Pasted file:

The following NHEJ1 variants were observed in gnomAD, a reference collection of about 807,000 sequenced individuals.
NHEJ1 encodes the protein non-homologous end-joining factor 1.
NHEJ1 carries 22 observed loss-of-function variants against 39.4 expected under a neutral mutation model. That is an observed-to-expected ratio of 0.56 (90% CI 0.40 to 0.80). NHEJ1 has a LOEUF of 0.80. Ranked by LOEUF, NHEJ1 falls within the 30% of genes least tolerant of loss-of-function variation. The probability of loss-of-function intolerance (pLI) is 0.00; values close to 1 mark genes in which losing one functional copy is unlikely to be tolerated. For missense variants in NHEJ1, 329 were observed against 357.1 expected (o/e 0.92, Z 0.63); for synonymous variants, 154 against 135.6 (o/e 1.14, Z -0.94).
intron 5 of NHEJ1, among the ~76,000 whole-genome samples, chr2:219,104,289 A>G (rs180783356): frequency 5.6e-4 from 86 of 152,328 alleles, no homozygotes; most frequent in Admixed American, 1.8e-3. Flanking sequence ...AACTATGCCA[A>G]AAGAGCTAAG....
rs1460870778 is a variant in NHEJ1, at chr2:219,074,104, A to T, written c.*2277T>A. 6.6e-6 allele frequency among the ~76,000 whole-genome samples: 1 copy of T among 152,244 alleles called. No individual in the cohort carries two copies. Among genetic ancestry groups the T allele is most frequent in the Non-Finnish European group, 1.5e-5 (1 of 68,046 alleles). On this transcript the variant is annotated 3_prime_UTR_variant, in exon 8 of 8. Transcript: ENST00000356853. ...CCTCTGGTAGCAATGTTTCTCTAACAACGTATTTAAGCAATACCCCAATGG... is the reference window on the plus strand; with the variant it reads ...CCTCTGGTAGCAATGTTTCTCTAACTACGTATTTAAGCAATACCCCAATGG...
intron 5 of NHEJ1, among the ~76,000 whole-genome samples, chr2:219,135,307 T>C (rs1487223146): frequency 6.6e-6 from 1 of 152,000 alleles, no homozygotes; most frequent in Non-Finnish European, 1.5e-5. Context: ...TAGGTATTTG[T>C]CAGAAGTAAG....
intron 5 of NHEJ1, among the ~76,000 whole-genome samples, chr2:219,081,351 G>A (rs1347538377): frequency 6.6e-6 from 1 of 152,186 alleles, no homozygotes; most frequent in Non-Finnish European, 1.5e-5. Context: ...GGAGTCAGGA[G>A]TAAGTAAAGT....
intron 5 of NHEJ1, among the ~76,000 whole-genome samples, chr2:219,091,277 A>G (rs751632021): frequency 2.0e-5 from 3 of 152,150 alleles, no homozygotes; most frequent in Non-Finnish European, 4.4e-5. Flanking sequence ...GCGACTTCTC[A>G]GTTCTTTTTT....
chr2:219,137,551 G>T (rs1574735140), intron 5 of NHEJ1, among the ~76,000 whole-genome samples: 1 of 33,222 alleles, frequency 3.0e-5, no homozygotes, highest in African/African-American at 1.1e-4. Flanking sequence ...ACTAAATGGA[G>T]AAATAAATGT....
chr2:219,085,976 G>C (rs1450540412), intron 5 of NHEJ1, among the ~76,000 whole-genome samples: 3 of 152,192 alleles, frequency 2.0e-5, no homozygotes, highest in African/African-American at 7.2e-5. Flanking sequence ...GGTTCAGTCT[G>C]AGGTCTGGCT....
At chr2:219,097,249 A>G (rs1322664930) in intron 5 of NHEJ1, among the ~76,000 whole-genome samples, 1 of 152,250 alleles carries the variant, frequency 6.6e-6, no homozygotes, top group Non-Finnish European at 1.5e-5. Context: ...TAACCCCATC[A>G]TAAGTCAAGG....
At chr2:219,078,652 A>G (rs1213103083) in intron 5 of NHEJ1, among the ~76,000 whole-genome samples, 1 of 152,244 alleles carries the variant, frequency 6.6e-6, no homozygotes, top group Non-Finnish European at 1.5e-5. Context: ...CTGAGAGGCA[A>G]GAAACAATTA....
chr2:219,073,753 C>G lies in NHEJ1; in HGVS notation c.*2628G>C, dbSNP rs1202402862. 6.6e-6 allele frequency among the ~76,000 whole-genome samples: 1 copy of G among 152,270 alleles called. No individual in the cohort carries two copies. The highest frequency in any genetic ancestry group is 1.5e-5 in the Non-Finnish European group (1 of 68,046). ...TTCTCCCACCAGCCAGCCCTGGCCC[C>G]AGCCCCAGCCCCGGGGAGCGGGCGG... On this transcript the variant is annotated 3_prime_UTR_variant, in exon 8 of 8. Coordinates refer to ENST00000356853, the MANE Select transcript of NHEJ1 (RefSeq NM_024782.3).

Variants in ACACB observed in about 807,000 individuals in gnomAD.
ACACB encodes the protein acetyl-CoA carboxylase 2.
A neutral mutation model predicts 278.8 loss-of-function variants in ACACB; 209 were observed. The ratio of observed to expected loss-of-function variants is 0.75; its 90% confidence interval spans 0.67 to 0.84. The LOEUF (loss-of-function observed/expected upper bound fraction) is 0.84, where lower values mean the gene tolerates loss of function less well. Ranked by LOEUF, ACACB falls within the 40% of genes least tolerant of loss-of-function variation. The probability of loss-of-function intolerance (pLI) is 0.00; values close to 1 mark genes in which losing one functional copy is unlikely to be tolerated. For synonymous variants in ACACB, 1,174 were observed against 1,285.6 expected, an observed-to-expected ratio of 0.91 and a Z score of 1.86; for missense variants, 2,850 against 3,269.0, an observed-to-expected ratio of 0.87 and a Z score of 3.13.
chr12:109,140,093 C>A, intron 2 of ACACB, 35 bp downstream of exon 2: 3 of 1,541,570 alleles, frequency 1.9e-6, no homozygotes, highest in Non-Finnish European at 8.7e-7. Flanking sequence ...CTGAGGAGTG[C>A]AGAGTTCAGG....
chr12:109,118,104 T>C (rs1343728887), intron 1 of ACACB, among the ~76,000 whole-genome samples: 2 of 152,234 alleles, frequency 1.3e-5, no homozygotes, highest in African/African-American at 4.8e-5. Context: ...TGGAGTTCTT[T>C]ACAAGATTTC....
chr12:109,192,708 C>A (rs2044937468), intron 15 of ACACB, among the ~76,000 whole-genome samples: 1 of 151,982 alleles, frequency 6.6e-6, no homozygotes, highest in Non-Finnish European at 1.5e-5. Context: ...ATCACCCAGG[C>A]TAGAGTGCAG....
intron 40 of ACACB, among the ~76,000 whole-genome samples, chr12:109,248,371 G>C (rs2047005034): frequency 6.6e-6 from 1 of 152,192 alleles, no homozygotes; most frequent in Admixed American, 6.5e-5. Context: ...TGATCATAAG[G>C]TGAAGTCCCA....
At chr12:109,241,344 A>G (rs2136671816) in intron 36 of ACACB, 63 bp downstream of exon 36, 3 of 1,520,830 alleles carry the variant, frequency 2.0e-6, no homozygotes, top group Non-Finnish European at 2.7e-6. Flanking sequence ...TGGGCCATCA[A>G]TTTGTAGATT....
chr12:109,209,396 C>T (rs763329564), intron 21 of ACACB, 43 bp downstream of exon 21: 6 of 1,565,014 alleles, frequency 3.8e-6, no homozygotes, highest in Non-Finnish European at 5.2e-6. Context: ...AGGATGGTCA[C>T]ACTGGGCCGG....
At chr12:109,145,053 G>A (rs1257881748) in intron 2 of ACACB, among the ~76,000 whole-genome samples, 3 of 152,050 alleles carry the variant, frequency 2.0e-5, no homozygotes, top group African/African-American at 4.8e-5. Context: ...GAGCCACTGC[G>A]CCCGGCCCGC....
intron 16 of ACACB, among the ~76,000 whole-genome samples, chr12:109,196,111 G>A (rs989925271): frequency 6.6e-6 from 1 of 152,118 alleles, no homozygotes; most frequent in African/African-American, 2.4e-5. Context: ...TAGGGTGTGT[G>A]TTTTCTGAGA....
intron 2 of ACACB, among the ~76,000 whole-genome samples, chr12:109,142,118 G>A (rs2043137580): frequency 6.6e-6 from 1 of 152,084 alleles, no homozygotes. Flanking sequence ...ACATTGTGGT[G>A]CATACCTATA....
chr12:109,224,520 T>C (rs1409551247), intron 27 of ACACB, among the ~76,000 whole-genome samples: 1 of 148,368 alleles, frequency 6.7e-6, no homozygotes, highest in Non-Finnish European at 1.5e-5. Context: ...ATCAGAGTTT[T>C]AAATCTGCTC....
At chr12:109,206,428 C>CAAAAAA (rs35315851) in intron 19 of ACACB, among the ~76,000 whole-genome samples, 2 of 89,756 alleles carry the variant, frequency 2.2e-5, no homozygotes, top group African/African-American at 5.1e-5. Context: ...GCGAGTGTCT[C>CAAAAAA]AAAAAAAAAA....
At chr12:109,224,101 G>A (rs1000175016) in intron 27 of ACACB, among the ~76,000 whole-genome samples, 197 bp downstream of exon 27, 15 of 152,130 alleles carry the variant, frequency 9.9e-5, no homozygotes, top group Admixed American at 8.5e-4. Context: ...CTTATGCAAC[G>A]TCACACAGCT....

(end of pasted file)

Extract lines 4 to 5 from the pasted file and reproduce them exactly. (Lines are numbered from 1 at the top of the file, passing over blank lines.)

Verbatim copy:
intron 5 of NHEJ1, among the ~76,000 whole-genome samples, chr2:219,104,289 A>G (rs180783356): frequency 5.6e-4 from 86 of 152,328 alleles, no homozygotes; most frequent in Admixed American, 1.8e-3. Flanking sequence ...AACTATGCCA[A>G]AAGAGCTAAG....
rs1460870778 is a variant in NHEJ1, at chr2:219,074,104, A to T, written c.*2277T>A. 6.6e-6 allele frequency among the ~76,000 whole-genome samples: 1 copy of T among 152,244 alleles called. No individual in the cohort carries two copies. Among genetic ancestry groups the T allele is most frequent in the Non-Finnish European group, 1.5e-5 (1 of 68,046 alleles). On this transcript the variant is annotated 3_prime_UTR_variant, in exon 8 of 8. Transcript: ENST00000356853. ...CCTCTGGTAGCAATGTTTCTCTAACAACGTATTTAAGCAATACCCCAATGG... is the reference window on the plus strand; with the variant it reads ...CCTCTGGTAGCAATGTTTCTCTAACTACGTATTTAAGCAATACCCCAATGG...